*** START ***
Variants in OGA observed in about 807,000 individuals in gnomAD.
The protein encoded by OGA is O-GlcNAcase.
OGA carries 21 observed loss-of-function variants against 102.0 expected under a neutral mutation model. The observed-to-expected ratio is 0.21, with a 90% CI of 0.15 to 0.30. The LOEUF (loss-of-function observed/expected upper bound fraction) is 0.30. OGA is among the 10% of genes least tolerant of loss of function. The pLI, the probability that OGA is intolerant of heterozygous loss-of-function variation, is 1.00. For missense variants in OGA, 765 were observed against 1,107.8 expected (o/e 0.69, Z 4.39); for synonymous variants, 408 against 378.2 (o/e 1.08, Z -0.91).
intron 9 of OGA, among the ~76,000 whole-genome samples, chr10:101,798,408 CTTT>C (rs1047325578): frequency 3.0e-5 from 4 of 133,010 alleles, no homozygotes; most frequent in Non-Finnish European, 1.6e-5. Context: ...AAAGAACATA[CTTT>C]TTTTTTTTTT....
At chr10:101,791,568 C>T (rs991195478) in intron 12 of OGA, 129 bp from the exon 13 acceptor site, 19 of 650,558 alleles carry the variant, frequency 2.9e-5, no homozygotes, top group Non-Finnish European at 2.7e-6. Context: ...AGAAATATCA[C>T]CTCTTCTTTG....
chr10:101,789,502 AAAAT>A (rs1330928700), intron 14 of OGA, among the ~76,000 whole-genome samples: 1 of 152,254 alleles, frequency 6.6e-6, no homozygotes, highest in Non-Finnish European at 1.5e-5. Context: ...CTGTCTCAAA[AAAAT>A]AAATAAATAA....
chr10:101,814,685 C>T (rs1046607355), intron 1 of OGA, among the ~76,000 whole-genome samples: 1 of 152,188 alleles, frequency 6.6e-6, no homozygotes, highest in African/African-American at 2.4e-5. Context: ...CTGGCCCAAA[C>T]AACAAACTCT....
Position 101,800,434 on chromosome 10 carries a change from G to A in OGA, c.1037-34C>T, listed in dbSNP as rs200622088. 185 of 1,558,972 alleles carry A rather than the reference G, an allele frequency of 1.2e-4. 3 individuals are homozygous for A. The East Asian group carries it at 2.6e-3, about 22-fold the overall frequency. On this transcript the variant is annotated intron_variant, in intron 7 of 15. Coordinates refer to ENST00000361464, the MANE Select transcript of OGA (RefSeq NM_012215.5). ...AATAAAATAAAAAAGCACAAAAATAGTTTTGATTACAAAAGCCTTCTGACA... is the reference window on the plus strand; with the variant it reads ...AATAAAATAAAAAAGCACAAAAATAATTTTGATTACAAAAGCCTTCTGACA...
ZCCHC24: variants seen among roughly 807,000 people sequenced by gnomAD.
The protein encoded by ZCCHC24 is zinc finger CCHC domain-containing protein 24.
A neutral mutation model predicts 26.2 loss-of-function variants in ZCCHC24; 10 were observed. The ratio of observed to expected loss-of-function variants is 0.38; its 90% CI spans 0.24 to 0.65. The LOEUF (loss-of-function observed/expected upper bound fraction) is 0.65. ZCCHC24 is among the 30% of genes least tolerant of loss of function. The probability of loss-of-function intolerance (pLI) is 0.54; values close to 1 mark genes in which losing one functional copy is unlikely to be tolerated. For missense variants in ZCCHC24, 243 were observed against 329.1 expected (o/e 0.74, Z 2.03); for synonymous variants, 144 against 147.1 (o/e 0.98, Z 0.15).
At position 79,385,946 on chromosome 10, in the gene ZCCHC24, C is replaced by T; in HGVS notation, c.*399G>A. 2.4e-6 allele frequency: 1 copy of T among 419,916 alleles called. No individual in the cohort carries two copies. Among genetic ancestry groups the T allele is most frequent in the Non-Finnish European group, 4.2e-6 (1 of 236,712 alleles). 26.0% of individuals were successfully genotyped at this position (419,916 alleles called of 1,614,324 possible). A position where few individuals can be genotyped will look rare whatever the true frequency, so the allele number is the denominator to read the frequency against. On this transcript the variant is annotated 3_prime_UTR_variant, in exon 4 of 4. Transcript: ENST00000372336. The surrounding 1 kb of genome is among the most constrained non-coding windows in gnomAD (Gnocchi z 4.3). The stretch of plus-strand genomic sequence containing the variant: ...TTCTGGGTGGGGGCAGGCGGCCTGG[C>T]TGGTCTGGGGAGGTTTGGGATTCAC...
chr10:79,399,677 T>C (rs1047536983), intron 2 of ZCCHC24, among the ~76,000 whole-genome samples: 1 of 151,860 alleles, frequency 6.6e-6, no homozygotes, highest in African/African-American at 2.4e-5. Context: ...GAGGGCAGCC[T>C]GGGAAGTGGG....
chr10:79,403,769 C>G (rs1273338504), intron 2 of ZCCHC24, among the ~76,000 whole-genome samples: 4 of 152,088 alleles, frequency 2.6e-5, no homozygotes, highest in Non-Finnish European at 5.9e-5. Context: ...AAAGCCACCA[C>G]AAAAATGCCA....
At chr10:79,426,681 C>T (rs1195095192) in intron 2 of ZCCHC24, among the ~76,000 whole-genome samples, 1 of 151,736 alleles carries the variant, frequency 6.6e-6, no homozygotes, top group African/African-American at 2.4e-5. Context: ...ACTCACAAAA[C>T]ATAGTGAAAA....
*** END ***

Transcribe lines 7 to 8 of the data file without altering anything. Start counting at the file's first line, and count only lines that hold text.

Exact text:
chr10:101,814,685 C>T (rs1046607355), intron 1 of OGA, among the ~76,000 whole-genome samples: 1 of 152,188 alleles, frequency 6.6e-6, no homozygotes, highest in African/African-American at 2.4e-5. Context: ...CTGGCCCAAA[C>T]AACAAACTCT....
Position 101,800,434 on chromosome 10 carries a change from G to A in OGA, c.1037-34C>T, listed in dbSNP as rs200622088. 185 of 1,558,972 alleles carry A rather than the reference G, an allele frequency of 1.2e-4. 3 individuals are homozygous for A. The East Asian group carries it at 2.6e-3, about 22-fold the overall frequency. On this transcript the variant is annotated intron_variant, in intron 7 of 15. Coordinates refer to ENST00000361464, the MANE Select transcript of OGA (RefSeq NM_012215.5). ...AATAAAATAAAAAAGCACAAAAATAGTTTTGATTACAAAAGCCTTCTGACA... is the reference window on the plus strand; with the variant it reads ...AATAAAATAAAAAAGCACAAAAATAATTTTGATTACAAAAGCCTTCTGACA...